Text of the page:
The paramount question, regardless of the inherent merits of a US withdrawal, is whether such a one-sided and disjointed decision can actually be followed up by the relevant institutions, above all the Pentagon. Given the administration’s weak and unpredictable nature, it is even difficult to predict whether the withdrawal will go into effect. There could be two major reasons why Trump was prompted in making such a rash decision without the ready advice of his national security team. First, Trump is under major psychological stress with the legal confrontations plaguing him personally, his family, his organization, his foundation, his 2016 presidential campaign and transition, as well as his inauguration and administration. In a word: the legal, political, economic and constitutional walls are closing in on Trump.The Syria decision could be a welcome distraction to divert the public’s attention from these very real threats. Second, the proponents of the far right, including the media like “Fox News” and his political base having been piling pressure on him to act on his campaign promises, like building the ‘Trump Wall’ on the southern Mexican border and pulling out of foreign military adventures like in Syria and Afghanistan.
US Defence Secretary Resigns over Syrian Pull-Out
US Defence Secretary Jim Mattis threw in the towel immediately after Trump’s ill-fated decision. He made it abundantly clear that he could no longer be part of Trump’s disjointed decision-making process. Together with former Secretary of State Rex Tillerson, former National Security Adviser Lt.Gen. H.R. McMaster and White House chief of staff Gen. John Kelly, Gen. Mattis belonged to the group that could have controlled Trump’s worst instincts. The first two have already left, Gen. Kelly leaves at the end of this year and Gen. Mattis follows suit at the end of February. However, Trump was increasingly perceived as prone to sidelining his advisers and prone to making crucial decisions without consulting them and/or completely ignoring their valid objections. This, and above all Gen. Mattis’ forthcoming departure, has raised major concerns in Washington, especially if a crisis situation should arise. Now to make matters even worse, Brett McGurk, the US Special Envoy in the ISIS fight has also resigned in protest, for the recklessness of the US withdrawal.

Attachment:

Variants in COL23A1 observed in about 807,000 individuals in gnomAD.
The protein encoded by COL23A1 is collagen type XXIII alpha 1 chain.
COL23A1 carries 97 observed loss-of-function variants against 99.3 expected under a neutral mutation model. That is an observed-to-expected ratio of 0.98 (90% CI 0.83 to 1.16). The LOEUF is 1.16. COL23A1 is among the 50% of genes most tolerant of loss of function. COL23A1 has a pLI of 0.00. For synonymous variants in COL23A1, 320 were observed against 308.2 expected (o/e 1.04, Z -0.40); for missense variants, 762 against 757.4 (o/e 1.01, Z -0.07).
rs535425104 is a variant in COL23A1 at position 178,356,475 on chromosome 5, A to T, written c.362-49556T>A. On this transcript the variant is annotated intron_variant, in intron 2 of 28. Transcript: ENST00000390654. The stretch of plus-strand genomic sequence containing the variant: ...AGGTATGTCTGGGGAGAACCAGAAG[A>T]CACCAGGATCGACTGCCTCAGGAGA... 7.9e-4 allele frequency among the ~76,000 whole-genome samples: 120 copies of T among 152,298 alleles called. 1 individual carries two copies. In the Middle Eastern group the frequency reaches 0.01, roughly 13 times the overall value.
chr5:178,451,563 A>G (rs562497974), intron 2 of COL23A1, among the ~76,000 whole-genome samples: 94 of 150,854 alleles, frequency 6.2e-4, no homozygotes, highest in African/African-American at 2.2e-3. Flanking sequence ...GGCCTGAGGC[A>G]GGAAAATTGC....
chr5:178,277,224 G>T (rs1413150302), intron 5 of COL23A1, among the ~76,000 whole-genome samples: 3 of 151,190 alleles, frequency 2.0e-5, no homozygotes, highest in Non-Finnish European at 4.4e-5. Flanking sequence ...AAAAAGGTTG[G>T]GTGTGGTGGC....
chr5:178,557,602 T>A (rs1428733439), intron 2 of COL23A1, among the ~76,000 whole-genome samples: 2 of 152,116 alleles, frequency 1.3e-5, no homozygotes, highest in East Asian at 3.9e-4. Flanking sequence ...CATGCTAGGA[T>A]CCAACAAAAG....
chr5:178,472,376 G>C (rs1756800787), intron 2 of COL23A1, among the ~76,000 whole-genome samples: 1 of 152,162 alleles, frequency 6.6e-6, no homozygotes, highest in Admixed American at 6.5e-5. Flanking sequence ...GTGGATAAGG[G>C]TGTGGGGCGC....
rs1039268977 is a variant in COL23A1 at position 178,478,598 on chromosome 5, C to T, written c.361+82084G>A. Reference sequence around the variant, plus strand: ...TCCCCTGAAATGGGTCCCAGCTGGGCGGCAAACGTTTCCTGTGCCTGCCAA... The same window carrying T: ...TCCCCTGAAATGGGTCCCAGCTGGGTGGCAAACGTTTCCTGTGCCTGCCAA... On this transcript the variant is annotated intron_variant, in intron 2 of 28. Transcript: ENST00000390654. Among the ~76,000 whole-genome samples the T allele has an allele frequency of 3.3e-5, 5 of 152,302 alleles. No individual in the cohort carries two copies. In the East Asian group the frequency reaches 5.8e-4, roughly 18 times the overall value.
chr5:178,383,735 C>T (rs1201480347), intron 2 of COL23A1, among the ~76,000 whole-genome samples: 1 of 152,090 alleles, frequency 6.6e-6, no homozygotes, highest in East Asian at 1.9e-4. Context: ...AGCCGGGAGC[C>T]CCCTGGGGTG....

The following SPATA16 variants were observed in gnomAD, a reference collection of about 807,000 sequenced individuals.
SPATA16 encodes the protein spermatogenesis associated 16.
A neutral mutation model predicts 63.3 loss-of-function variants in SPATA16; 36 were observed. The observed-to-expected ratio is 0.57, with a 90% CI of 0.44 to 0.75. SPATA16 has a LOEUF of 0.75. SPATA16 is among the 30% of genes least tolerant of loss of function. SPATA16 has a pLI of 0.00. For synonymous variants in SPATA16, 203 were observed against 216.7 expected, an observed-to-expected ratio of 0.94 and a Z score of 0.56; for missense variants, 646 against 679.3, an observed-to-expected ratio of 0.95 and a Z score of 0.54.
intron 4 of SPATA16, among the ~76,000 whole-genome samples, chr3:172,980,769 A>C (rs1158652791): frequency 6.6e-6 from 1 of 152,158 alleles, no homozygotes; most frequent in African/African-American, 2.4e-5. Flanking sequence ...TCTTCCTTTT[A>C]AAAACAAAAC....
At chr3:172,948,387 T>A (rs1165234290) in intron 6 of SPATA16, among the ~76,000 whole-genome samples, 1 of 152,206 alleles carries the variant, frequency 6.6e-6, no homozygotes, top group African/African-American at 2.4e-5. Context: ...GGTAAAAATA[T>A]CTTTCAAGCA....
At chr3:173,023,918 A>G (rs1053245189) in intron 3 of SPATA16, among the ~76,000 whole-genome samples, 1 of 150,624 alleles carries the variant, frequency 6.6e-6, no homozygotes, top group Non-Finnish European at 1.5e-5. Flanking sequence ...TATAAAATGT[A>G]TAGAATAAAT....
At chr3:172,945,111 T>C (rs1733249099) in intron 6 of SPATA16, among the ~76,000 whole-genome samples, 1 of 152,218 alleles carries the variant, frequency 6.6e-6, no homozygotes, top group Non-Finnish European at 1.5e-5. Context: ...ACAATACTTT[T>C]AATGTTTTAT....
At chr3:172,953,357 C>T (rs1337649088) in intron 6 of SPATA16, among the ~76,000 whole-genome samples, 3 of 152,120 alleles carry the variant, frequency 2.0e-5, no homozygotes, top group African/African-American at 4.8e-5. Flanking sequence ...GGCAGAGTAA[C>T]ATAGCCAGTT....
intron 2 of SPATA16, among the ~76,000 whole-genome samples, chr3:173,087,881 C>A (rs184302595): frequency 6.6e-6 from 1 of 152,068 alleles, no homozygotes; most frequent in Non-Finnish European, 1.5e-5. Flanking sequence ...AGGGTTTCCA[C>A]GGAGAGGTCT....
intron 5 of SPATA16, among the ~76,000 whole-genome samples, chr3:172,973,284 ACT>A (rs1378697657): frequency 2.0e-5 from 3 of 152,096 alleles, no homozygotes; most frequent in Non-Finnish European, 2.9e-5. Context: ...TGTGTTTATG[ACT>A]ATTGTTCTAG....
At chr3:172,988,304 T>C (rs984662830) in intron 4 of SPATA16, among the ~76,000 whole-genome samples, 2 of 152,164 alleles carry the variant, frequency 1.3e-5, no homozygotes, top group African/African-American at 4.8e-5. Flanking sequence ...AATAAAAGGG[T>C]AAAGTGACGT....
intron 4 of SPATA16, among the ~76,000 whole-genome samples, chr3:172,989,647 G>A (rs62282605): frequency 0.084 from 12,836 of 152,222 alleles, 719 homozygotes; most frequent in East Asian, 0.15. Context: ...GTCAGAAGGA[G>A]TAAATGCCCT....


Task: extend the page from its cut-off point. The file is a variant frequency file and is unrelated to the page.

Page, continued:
Jeffrey Goldberg, the editor-in-chief of “The Atlantic” makes the salient point that “James Mattis understood from the beginning the nature of Trump’s intellectual, ideological, and characterological defects, even as he was pulled into Trump’s orbit, and into his Cabinet.” He nevertheless joined Trump’s team as a sense of patriotic duty, and he also resigned for the same reason, because he could no longer tolerate his foolish ways, which he realized Trump would never change. His resignation letter enumerates his blistering critique of Trump’s fundamental shortcomings: his acute lack of understanding of the value of allies, or the immorality of disparaging and abandoning them. Trump is abandoning America’s Kurdish allies in Syria to extremism and terror, and he is abandoning Afghanistan to the Taliban.